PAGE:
Are there any ladies who haven't been shouted at by Moyes?
The BBC have revealed that Match of the Day reporter Jacqui Oatley made a complaint to Everton in 2011 about the behaviour of David Moyes in a post-match interview.
Asked about an apparent headbutt by Marouane Fellaini in a match against Stoke City, Moyes took exception to being asked about the midfielder's conduct. Irritated by the line of questioning, the current Sunderland manager confronted Oatley over her mode of enquiring.
There's no suggestion that any part of Moyes' rant on that occasion could be interpreted as 'sexist' but Oatley did file a complaint with Everton who appear to have claimed they were unaware of it.
The BBC are said to be investigating what actions took place subsequently. Moyes and Sunderland AFC had until yesterday to respond in writing to the FA's enquiry about the incident last month when the Scot confronted reporter Vicki Sparks and threatened to 'slap' her and appeared to warn her about future visits to the Stadium of Light.
Moyes' behaviour has intensified the media pursuit of him and the club as Sunderland limp closer to the Championship. With no win since early February and seven games without a goal, the press have a neat focal point for their derision in the figure who has overseen certain relegation and who has existed in the national conscience as 'the man who failed at Manchester United'.
The Blame Game
A victory over West Ham on Saturday is the only way in which Sunderland and David Moyes will, for a few days at least, assuage the swirling headlines of blame and post-mortem surrounding the Stadium of Light this week.
There's two strands to all of it. Who is at fault for the mess, and has David Moyes done enough to prove he's worthy of some belief that he can build the club back up again in the Championship?
There is a good reason sides who are relegated hope to go down fighting. Momentum in football often transcends divisions and the summer break. Teams who do succumb to the drop often benefit from having shown signs of life in their death throes the previous season.
Newcastle are one example of a team who went down in a buoyant fashion under the 'Rafalution', continuing their momentum through last summer with healthy season ticket sales and a swell of expectation on Tyneside. Compare with Aston Villa who have continued their Premier League stagnation into the Championship and will do well to finish in the top half of the second tier this season.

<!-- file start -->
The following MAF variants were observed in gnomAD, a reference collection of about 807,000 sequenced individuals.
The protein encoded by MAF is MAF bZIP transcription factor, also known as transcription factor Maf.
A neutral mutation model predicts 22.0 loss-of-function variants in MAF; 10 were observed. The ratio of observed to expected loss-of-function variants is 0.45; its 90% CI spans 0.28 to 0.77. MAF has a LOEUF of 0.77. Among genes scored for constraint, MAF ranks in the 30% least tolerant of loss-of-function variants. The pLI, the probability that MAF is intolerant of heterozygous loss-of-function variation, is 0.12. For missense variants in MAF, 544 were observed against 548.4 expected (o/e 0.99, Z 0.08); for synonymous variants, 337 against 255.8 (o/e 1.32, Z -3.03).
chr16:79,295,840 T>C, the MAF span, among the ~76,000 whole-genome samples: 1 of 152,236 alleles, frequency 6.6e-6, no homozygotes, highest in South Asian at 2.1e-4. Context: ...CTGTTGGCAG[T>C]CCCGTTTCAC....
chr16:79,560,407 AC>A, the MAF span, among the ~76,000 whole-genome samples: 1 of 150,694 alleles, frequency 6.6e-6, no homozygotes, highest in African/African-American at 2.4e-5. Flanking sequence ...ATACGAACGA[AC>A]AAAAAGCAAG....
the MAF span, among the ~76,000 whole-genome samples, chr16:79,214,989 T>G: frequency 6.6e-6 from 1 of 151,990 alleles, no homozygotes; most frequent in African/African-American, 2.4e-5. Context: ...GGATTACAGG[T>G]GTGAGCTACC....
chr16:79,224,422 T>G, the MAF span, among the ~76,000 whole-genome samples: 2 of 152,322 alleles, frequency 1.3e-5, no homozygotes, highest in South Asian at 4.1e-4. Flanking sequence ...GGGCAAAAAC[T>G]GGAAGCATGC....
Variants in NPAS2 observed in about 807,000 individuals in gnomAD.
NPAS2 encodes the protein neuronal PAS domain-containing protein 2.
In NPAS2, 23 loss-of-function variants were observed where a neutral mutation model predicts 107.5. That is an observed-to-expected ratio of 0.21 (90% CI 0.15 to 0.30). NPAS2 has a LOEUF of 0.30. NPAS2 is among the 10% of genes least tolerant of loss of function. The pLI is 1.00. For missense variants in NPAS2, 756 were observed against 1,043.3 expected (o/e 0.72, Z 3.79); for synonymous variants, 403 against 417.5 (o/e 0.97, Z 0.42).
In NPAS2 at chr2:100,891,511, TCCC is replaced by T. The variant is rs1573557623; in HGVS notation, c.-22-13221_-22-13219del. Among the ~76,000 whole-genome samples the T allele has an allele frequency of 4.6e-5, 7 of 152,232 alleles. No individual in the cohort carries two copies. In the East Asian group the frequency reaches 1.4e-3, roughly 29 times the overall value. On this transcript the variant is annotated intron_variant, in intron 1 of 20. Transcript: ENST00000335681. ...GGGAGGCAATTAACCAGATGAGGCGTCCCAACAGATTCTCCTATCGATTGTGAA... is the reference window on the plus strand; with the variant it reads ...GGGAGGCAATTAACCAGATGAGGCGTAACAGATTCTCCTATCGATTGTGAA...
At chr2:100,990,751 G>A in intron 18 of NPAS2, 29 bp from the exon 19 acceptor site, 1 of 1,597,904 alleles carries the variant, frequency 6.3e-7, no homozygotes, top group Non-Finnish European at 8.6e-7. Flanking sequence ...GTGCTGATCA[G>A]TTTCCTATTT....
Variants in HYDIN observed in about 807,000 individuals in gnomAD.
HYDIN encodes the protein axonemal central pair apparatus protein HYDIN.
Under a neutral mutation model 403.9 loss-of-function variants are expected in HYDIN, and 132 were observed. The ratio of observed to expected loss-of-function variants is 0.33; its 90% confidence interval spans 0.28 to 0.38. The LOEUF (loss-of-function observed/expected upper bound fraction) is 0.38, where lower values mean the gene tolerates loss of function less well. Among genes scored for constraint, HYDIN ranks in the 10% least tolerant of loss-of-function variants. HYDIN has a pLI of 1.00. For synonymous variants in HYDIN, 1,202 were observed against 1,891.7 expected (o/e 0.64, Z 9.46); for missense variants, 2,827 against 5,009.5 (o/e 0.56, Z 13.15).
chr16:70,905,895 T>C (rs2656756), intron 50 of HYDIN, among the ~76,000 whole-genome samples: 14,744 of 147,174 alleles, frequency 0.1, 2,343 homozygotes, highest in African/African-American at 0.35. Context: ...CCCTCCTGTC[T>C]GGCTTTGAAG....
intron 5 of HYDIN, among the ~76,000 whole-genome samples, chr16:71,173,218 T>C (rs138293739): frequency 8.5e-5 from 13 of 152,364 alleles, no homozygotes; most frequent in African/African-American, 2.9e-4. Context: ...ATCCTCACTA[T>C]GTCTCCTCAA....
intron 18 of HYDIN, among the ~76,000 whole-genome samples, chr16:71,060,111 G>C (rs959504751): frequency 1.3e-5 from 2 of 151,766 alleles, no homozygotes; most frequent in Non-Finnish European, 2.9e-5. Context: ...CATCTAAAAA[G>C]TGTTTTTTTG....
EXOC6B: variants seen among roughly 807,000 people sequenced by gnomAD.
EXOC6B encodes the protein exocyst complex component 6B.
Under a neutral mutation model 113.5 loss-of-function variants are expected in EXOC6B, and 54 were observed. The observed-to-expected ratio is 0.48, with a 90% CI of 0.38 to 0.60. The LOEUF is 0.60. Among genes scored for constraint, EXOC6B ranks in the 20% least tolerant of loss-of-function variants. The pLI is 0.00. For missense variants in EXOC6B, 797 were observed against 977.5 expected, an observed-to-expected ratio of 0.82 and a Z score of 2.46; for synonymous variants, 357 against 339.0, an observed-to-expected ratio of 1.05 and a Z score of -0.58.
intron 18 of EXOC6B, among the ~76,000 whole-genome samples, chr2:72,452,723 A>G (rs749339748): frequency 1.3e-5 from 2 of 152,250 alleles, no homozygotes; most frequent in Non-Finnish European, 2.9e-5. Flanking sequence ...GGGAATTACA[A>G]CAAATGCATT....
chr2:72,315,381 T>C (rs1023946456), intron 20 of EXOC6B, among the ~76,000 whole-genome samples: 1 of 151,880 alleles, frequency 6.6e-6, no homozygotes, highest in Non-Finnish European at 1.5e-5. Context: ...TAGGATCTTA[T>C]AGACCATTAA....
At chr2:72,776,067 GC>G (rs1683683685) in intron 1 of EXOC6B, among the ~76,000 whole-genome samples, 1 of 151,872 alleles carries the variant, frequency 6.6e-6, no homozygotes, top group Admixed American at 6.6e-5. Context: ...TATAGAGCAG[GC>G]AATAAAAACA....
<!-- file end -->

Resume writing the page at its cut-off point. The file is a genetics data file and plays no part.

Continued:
The Sun ponder that the apathetic toxic mood on Wearside may yet prove damaging in the next campaign:
The powers that be on Wearside insist David Moyes' job is safe. But he has shown nothing so far to suggest he is the man to lift Sunderland next season.
Fans have just about given up on the Scot and there is a danger that negative mood will fester into the Championship campaign.
Perhaps the real damage will be caused by the distinct lack of one individual or group that supporters can hold to account. For Newcastle fans last season it was Steve McClaren with owner Mike Ashley side-stepping much of the blame thanks to the sheer amount of cash he had handed the former-England manager to build his relegation side.
At Sunderland, Ellis Short is widely assumed to be desperately seeking a buyer - so hounding an owner who wants out seems futile to many.
David Moyes retains a chunk of match-going supporters' tolerance thanks to the lethargy amongst the faithful at sacking managers every 6 months and even identifying who amongst the playing staff shares blame is difficult.
This group of Sunderland players contains some gems like Jordan Pickford and Jermain Defoe who have largely been exemplary this season. As for the rest, many are just crap, limited or 'losers' by default. Though sections of the Stadium of Light crowd may yet target the likes of Lamine Kone or Adnan Januzaj again for their apparent part in the Sunderland 'problem'.
Fan angst - is it solely playing out on social media?
It's an angle which has been presented for a few weeks in some quarters - that Sunderland supporters are split with an online antagonism towards David Moyes and Ellis Short which doesn't exist amongst the match-going fan base.
This quote in the Telegraph after Sunday's 44,000 fans dispersed without any sign of displeasure in the stands encapsulates the media view of current supporter positioning on Wearside:
This was supposed to be the start of a rebellion, when, according to social media, there would be loud protests against manager David Moyes and owner Ellis Short. There was no sound of them inside the stadium.
And it's a good point. Barring some muted futile attempts at launching a round of 'Moyes Out' in recent games at Watford, Leicester and at the Stadium of Light at the weekend, there is little physical evidence of angst with either the current Sunderland manager or owner Ellis Short.
Vague talk of protest on Sunday was solely confined to a few on social media and there was no physical sign of fan vexation at the ground or in its vicinity.
'Apathy' and 'inertia' are the current buzzwords to explain this lack of unrest. But is that the sole reason why Moyes, Bain and Short have little to fear from the physical public on Wearside so long as they close their eyes to the content of the internet and social media?
Certainly at present Sunderland supporters are significantly more vocal in their contempt of the club online. Another embarrassing display against West Ham on Saturday may finally tip that annoyance into the Stadium of Light itself.